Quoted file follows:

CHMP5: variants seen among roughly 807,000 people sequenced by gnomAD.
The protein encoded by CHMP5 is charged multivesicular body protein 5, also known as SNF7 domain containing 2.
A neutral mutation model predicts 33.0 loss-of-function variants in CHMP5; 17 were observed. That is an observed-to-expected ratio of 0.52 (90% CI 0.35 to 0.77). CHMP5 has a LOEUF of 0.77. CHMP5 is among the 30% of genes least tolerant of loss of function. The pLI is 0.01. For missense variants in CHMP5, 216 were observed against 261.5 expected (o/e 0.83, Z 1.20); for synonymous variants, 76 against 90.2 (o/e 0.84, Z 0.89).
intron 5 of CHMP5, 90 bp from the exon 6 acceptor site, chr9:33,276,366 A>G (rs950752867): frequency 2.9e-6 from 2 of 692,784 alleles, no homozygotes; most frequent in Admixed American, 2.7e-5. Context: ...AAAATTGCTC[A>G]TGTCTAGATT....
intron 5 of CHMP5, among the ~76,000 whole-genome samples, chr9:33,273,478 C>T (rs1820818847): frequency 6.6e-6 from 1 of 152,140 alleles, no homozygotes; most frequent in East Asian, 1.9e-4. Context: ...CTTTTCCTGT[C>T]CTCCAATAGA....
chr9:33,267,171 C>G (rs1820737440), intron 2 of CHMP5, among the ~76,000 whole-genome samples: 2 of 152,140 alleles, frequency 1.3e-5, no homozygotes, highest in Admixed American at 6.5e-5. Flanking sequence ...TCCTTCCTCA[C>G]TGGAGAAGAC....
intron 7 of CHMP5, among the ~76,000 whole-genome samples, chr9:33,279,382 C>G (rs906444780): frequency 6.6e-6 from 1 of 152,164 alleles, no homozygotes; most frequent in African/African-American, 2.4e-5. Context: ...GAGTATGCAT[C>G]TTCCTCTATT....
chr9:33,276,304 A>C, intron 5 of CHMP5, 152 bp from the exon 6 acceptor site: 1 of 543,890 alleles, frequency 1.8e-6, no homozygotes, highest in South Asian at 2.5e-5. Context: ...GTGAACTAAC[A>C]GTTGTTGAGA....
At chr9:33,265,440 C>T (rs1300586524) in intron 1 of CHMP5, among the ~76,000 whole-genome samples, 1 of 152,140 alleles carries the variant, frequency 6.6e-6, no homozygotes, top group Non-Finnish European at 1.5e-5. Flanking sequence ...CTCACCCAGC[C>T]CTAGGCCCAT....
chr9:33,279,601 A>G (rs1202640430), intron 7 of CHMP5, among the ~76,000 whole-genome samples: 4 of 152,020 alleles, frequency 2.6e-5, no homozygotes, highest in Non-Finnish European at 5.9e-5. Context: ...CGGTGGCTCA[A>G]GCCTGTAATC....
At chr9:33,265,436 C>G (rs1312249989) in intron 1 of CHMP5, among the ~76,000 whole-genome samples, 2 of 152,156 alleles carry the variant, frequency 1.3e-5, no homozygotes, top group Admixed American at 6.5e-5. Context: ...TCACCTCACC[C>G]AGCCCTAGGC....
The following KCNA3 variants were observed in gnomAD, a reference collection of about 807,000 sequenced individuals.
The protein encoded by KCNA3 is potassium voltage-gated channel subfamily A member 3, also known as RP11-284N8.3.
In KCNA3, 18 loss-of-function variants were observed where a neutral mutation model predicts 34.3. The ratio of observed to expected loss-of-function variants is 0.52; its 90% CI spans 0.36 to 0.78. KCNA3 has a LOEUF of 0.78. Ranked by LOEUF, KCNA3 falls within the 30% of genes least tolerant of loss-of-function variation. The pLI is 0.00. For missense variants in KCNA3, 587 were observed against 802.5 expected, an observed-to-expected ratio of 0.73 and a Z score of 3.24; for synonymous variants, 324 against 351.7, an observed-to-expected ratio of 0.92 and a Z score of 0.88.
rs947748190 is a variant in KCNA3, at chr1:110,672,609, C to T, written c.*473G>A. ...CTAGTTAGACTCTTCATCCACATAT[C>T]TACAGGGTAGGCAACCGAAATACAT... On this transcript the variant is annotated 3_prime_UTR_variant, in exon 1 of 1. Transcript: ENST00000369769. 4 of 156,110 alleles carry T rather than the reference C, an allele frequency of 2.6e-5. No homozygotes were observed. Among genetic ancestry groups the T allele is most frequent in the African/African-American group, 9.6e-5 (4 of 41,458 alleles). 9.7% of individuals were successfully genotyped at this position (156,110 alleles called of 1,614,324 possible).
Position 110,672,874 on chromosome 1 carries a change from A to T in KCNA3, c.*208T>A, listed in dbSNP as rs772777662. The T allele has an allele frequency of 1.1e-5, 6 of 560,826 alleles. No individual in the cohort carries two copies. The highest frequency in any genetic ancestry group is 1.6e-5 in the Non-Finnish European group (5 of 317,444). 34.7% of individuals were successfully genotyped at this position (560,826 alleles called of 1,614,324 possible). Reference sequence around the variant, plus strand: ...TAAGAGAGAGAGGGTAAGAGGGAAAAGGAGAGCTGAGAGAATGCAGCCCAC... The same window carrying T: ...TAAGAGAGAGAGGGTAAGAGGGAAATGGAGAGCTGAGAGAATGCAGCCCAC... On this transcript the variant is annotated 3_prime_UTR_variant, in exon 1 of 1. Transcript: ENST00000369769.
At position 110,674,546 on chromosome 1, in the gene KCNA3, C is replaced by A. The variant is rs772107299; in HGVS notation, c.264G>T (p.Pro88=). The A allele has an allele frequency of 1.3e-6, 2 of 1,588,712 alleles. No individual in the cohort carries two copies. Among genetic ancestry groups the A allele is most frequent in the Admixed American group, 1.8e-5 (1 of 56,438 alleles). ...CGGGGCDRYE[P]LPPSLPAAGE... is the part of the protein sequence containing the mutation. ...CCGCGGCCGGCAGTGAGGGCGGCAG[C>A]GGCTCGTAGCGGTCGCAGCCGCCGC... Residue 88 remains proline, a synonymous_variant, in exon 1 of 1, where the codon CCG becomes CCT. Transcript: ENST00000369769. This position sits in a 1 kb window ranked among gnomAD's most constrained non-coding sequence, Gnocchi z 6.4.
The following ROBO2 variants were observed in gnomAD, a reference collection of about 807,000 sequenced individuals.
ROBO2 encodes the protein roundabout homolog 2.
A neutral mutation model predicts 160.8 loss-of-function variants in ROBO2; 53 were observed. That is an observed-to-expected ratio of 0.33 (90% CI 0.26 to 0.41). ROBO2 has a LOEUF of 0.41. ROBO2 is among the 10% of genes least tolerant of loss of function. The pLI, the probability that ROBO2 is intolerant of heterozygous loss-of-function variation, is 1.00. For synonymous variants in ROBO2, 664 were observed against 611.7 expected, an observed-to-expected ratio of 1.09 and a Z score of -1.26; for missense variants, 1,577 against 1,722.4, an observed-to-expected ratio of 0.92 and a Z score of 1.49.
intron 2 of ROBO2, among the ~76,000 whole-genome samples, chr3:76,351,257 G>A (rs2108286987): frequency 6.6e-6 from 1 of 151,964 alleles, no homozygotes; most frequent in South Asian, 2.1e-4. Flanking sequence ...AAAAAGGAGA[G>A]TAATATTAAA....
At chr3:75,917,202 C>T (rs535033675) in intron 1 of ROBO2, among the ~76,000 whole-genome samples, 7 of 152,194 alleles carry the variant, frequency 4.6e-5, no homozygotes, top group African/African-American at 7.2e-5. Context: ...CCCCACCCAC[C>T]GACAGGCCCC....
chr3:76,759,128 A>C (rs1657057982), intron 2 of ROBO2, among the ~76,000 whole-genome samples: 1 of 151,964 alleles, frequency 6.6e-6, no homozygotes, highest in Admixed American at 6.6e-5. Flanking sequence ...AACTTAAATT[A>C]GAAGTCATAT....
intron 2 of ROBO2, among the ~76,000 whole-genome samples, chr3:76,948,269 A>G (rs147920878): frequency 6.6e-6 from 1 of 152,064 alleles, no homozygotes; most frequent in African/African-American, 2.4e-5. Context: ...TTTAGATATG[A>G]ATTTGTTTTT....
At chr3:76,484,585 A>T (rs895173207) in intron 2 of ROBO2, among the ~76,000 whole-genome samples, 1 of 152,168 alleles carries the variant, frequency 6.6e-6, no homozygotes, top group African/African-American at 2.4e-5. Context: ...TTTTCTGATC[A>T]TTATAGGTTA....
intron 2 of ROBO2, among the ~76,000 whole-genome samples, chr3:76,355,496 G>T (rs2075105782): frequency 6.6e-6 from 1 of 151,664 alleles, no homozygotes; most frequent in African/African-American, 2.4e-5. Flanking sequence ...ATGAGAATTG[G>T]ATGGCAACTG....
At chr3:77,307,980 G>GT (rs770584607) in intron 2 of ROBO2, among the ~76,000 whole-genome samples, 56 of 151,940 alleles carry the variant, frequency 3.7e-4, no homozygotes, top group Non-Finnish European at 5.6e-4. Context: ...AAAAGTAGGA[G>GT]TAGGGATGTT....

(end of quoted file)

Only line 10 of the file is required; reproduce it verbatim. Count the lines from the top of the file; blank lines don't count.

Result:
chr9:33,279,601 A>G (rs1202640430), intron 7 of CHMP5, among the ~76,000 whole-genome samples: 4 of 152,020 alleles, frequency 2.6e-5, no homozygotes, highest in Non-Finnish European at 5.9e-5. Context: ...CGGTGGCTCA[A>G]GCCTGTAATC....